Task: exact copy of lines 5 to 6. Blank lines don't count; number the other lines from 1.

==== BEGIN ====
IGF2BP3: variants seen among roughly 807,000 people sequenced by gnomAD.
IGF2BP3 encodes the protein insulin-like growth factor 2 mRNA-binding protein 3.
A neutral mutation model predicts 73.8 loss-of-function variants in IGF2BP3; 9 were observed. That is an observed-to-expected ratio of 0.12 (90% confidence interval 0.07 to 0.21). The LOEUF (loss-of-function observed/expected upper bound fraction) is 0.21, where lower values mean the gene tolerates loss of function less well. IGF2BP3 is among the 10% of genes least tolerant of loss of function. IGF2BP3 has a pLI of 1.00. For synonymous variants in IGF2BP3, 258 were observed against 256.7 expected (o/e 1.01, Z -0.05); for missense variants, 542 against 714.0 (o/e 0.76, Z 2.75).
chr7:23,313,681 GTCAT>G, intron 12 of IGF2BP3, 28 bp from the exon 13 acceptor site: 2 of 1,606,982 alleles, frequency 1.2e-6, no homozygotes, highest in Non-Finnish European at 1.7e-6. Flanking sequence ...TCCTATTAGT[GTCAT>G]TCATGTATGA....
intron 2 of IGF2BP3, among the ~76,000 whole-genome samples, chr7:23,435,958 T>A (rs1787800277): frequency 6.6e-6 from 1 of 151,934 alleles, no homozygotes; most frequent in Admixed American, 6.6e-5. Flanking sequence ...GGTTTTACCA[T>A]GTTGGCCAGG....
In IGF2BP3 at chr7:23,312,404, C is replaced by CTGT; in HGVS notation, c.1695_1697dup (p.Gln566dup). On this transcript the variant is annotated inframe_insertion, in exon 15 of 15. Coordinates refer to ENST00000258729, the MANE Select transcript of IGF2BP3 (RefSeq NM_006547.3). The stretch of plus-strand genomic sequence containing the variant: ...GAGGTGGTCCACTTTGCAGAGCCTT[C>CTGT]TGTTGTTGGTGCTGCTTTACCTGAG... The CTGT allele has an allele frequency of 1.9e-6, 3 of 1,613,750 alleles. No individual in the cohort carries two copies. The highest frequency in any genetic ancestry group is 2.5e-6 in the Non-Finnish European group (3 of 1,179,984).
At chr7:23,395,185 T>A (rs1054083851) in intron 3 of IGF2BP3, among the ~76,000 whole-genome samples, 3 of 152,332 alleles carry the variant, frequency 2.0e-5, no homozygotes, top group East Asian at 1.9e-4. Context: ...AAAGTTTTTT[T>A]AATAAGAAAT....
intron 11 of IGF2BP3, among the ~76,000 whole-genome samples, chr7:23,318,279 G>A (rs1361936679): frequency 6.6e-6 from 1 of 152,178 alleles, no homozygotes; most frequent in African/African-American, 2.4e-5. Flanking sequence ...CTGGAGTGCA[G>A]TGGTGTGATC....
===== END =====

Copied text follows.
intron 2 of IGF2BP3, among the ~76,000 whole-genome samples, chr7:23,435,958 T>A (rs1787800277): frequency 6.6e-6 from 1 of 151,934 alleles, no homozygotes; most frequent in Admixed American, 6.6e-5. Flanking sequence ...GGTTTTACCA[T>A]GTTGGCCAGG....
In IGF2BP3 at chr7:23,312,404, C is replaced by CTGT; in HGVS notation, c.1695_1697dup (p.Gln566dup). On this transcript the variant is annotated inframe_insertion, in exon 15 of 15. Coordinates refer to ENST00000258729, the MANE Select transcript of IGF2BP3 (RefSeq NM_006547.3). The stretch of plus-strand genomic sequence containing the variant: ...GAGGTGGTCCACTTTGCAGAGCCTT[C>CTGT]TGTTGTTGGTGCTGCTTTACCTGAG... The CTGT allele has an allele frequency of 1.9e-6, 3 of 1,613,750 alleles. No individual in the cohort carries two copies. The highest frequency in any genetic ancestry group is 2.5e-6 in the Non-Finnish European group (3 of 1,179,984).